Providing our playground for the test drives are the rural roads of Bavaria’s hop-growing backcountry, currently free of traffic, of course. Sweeping, high-speed corners share this neck of the woods with tight and twisty sections through forests. But at least as important for the chassis engineers is the fluctuating nature of the road surface, which oscillates between textbook-smooth one moment and a blistered, pothole-infested trial for the springs and dampers a few meters later.

After a handful of miles exploring the new BMW 4 Series at the limit or thereabouts, the primary lingering impression is how effortless it is to drive quickly. The coupe’s rigidity produces a direct response to every steering command not previously encountered in a sub-M model, the high-calibre genes of the 3 Series shining through repeatedly.

You wouldn’t say the second-generation coupe offers a night-and-day contrast to the driving experience in the 3 Series. But at the point where its sedan sibling slowly but surely pulls down the curtain, the 4 Series continues to sing a little while longer.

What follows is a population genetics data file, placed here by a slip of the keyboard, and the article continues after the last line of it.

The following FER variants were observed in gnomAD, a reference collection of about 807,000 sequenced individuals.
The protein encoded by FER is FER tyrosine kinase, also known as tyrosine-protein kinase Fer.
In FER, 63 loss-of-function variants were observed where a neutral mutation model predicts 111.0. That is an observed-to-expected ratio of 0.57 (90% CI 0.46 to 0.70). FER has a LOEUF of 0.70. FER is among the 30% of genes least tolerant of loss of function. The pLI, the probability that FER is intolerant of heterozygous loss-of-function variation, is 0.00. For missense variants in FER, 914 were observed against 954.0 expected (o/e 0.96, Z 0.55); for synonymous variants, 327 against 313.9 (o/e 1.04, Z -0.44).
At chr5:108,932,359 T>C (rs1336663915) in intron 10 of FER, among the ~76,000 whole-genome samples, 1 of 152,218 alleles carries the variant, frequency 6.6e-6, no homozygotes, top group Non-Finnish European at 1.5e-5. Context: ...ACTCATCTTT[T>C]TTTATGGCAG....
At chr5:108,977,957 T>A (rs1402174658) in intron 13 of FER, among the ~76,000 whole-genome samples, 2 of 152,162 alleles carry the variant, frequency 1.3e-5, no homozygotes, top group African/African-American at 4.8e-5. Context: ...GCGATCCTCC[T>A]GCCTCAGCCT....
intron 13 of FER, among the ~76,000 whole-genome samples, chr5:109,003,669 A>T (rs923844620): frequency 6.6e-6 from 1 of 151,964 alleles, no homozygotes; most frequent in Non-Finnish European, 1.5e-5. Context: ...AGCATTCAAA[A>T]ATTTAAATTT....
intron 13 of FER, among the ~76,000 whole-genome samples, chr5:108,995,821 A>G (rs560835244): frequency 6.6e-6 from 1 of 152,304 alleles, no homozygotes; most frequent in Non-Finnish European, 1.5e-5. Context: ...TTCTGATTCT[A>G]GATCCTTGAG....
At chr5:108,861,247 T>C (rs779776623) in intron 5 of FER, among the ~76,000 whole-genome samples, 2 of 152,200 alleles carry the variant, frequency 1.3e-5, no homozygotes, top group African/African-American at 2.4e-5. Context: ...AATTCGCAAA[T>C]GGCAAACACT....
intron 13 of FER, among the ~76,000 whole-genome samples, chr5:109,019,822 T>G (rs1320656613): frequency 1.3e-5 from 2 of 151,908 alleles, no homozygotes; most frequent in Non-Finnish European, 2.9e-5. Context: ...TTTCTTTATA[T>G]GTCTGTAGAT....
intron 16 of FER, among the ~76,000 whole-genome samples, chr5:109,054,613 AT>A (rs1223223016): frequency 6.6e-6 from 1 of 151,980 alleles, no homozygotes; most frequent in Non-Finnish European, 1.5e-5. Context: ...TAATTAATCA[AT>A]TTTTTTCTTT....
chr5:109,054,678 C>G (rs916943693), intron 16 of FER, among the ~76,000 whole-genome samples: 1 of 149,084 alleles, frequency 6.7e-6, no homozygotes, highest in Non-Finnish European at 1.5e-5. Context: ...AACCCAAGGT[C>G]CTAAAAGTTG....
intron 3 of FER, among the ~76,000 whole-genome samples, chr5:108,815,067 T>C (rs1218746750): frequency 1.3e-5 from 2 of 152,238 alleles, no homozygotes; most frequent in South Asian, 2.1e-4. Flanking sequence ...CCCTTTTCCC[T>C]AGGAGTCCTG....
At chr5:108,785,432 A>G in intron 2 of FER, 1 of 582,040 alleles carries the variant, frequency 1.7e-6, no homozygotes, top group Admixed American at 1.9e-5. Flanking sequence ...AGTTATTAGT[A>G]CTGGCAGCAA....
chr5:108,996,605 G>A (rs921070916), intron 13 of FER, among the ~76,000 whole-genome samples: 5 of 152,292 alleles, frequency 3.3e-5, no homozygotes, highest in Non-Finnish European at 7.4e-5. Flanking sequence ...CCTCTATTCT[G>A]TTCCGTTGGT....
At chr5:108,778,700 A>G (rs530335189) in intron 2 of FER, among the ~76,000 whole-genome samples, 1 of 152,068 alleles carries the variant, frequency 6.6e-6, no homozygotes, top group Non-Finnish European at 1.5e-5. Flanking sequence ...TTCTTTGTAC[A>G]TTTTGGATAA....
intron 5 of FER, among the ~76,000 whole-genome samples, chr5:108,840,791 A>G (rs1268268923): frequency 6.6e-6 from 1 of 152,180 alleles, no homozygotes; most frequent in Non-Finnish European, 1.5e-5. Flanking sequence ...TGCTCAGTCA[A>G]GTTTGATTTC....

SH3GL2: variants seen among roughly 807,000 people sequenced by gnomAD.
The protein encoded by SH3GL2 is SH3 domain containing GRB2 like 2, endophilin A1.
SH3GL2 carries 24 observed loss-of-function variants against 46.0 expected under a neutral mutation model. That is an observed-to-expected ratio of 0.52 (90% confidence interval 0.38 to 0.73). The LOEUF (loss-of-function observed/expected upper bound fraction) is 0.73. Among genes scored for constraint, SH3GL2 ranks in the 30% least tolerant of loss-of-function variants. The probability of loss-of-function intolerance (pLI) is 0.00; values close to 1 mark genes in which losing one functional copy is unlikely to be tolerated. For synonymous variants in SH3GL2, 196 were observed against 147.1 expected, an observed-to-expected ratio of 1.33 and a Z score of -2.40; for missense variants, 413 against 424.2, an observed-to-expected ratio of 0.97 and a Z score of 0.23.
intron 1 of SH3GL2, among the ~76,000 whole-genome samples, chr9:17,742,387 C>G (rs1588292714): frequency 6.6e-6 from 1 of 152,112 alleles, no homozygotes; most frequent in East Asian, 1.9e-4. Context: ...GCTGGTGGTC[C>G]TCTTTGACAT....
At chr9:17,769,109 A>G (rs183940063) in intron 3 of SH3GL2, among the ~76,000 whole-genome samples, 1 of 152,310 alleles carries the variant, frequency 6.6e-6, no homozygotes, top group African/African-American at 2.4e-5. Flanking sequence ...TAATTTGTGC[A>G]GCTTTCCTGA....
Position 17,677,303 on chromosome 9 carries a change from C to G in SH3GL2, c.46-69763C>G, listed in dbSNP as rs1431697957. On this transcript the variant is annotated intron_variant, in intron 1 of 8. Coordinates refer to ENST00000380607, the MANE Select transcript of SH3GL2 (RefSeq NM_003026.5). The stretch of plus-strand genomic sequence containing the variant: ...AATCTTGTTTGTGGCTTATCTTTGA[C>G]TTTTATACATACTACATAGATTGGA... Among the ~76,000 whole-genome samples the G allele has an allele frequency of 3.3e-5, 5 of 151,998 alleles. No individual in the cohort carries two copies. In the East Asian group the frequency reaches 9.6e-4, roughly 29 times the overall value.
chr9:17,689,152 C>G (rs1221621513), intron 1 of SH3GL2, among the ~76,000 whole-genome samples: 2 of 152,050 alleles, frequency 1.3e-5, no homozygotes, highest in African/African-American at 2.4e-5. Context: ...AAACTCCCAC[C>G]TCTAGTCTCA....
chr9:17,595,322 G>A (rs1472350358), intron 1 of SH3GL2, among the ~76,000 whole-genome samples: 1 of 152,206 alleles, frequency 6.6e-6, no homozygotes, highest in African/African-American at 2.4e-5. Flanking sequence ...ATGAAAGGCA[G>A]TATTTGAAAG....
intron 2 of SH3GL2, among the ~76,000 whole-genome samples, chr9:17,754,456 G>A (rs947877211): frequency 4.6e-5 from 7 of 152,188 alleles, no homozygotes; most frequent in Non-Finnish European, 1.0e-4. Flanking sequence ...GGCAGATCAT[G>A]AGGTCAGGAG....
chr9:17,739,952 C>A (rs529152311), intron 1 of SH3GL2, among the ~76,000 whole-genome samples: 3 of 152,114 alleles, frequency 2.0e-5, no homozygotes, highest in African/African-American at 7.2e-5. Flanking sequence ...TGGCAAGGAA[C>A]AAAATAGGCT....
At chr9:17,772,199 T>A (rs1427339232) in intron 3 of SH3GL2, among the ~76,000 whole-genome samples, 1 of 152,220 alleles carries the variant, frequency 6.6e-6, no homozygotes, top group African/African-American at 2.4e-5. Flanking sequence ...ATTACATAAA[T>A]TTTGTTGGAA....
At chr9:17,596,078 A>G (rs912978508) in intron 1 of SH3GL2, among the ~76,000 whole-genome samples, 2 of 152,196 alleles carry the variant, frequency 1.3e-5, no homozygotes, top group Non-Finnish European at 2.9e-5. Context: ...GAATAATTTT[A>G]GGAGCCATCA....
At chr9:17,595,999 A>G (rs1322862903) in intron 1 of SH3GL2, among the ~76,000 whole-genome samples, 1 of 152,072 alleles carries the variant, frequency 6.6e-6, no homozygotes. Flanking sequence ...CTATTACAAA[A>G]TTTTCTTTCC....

Since these dynamic gains have not only been achieved by dialing up the firmness of the suspension, a slice of the additional potential on offer is only revealed to the driver at very high cornering speeds. Where some cars use exaggerated hardness to create an impression of sportiness, the BMW 4 Series always retains the good manners of a 3 Series.

Lift-related dampers mean it doesn’t even need adaptive suspension to pull off the trick. And although the four-cylinder turbo engine pulls hard from middling revs, if not before, the new 430i suffers practically no traction issues. Credit here to the optional locking differential.

The Ultimate M Performance Model – BMW M440i